Photography in the here and now

Eagle Eyes

Readers of this blog might be forgiven for assuming that all my work comes from the past. Heavens to Mergatroyd! No, not at all. And to prove it, I’m going to dedicate the next couple of posts, at least, to recent work.

I certainly don’t share every snapshot I make; not even on my Instagram account. Even so, sometimes a snapshot is worth a thousand words … well, a hundred or so, anyway.

So I won’t belabour the point here; I’ll let the gallery below speak for itself.

What isn’t inherently obvious from the photographs is that they represent a day this week when I roused myself from the doldrums and forced myself out to a beautiful place — Swan Lake, in Saanich, near Victoria, British Columbia — on a beautiful day between stormy winter weather.

The outing reminded me (why do I need reminding?) that the greatest joy of photography is it’s potential to literally focus one in the here-and-now. It is, at its best, a Zen practice.

Usually, I haul my DSLR cameras and telephoto lenses to this location — all the better to “enlarge” tiny songbirds. This time I grabbed my shoulder bag containing the Fujifilm X-Pro2 with Fujinon 23mm f1.4, XF 10-24mm f/4 OIS, and XF 50-140mm f/2.8 R LM OIS WR lenses.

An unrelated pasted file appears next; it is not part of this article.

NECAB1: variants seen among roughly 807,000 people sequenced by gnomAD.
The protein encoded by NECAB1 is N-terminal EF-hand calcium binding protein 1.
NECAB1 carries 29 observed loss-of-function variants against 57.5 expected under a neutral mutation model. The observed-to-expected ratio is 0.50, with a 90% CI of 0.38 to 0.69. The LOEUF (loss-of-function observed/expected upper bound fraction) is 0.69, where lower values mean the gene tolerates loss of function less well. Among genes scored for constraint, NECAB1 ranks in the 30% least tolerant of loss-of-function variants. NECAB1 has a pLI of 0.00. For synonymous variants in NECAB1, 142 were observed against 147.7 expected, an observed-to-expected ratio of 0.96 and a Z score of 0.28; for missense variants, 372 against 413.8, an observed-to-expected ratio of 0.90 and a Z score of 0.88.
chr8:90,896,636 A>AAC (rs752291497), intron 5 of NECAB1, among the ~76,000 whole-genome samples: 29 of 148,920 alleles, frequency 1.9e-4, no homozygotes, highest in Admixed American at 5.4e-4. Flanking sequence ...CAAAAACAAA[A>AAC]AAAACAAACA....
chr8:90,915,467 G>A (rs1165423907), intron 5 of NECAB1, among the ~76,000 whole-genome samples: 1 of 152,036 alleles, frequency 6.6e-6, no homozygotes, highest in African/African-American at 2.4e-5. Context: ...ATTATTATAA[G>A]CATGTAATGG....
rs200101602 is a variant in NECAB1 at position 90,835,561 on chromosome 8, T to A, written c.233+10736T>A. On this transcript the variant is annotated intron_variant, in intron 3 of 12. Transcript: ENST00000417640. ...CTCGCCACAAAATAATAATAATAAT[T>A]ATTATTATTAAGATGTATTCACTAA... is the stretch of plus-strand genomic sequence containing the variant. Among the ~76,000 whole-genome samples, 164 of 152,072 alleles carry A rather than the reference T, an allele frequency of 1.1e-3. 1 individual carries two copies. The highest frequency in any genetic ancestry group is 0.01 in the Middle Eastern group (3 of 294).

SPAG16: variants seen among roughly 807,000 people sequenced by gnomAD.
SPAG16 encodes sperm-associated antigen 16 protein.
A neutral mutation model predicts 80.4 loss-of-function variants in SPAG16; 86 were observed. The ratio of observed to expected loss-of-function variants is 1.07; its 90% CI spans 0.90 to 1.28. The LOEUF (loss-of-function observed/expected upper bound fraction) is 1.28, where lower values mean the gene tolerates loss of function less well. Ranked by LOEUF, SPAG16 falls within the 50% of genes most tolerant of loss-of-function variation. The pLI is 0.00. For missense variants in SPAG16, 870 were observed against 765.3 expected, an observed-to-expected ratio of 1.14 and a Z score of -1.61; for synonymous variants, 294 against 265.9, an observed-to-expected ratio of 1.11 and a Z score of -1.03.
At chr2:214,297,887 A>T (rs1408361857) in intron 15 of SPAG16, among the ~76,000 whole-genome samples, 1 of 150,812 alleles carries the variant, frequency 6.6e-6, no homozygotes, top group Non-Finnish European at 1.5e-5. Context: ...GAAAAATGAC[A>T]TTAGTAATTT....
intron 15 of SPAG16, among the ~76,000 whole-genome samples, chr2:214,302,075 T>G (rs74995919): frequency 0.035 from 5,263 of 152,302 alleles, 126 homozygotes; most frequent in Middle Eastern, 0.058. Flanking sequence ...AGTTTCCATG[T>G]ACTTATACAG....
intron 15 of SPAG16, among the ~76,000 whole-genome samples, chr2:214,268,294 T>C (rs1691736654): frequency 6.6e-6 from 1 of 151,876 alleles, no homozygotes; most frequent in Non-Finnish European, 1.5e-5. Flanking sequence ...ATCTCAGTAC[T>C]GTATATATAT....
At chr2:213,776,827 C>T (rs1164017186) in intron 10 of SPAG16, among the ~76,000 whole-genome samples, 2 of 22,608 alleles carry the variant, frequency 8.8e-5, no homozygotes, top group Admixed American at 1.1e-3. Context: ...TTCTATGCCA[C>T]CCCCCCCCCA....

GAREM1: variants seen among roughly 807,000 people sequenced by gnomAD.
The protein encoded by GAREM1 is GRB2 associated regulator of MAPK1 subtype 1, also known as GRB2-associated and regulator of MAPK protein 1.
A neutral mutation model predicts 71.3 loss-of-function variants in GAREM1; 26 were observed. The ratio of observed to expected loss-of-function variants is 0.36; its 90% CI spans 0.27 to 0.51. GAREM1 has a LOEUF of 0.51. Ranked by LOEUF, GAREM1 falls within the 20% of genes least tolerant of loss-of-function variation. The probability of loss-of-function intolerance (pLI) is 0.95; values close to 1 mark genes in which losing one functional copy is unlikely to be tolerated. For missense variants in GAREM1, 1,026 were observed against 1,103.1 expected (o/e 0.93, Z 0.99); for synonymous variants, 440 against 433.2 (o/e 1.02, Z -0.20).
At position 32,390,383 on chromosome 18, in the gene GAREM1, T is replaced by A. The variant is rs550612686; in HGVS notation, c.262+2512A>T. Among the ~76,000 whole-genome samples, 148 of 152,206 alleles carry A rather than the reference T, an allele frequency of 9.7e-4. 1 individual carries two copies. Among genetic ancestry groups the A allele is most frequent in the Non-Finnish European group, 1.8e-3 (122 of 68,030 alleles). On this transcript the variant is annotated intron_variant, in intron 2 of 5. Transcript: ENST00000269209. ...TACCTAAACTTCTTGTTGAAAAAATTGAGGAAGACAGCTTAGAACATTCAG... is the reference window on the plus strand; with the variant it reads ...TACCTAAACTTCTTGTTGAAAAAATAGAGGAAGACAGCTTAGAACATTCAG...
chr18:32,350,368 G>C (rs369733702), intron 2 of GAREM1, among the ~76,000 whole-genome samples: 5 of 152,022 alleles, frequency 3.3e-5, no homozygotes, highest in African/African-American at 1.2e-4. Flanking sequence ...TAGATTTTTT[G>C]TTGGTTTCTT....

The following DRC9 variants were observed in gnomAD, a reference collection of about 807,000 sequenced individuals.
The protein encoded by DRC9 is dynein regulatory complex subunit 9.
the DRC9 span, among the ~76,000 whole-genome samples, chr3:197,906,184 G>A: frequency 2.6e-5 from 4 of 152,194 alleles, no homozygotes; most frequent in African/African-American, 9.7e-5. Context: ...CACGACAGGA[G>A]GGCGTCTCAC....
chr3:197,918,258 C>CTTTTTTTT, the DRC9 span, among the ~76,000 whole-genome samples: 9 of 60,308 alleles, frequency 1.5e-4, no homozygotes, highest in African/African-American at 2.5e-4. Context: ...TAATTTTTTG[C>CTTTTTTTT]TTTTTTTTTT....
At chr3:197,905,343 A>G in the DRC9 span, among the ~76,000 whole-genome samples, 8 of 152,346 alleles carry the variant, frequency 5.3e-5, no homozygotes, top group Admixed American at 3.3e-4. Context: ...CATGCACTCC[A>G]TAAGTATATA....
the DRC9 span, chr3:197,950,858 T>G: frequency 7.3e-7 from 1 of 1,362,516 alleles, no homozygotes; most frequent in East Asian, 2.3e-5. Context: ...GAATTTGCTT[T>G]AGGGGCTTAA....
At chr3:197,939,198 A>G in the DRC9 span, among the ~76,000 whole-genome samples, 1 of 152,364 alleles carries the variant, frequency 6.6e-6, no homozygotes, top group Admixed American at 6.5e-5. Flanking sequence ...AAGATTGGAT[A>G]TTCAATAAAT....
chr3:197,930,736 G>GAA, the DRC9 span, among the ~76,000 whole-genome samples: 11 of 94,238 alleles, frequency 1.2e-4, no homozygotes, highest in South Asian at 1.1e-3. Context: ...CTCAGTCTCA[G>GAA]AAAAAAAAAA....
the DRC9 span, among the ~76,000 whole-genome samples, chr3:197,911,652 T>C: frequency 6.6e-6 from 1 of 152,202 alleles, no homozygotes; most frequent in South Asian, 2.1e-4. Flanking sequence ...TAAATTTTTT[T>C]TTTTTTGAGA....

In the pockets: neutral density filters, polarizer and adapter rings, and a spare battery or two (those stabilized lenses suck power). I left my tripod at home, relying on that feature to keep things sharp.

Of course, I soon regretted the missing millimetres, especially when two beautiful bald eagles lighted in a nearby Douglas fir. Still, the 50-140* did a reasonable job framing an “environmental” study of the handsome couple, while the X-Pro 2’s 24.3MP X-Trans CMOS III APS-C sensor enables a fair amount of latitude for cropping.

Still, I want that XF100-400mmF4.5-5.6 R LM OIS WR!  In reality, I’ll probably settle for XF2X TC WR, or XF1.4X TC WR teleconverters.

Anyway, enough of the techno-dweebery; here’s the photos:

*140mm on an APS-C sensor is equivalent to 200mm on a full frame camera.

More technical notes: Most of the photos in the gallery are quick edits (in Lightroom and Photoshop), except for the “Hummer,” which is a fairly extreme crop and required halo elimination on red willow branches and the bird itself.
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Raymond Parker Photo
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Victoria, BC,
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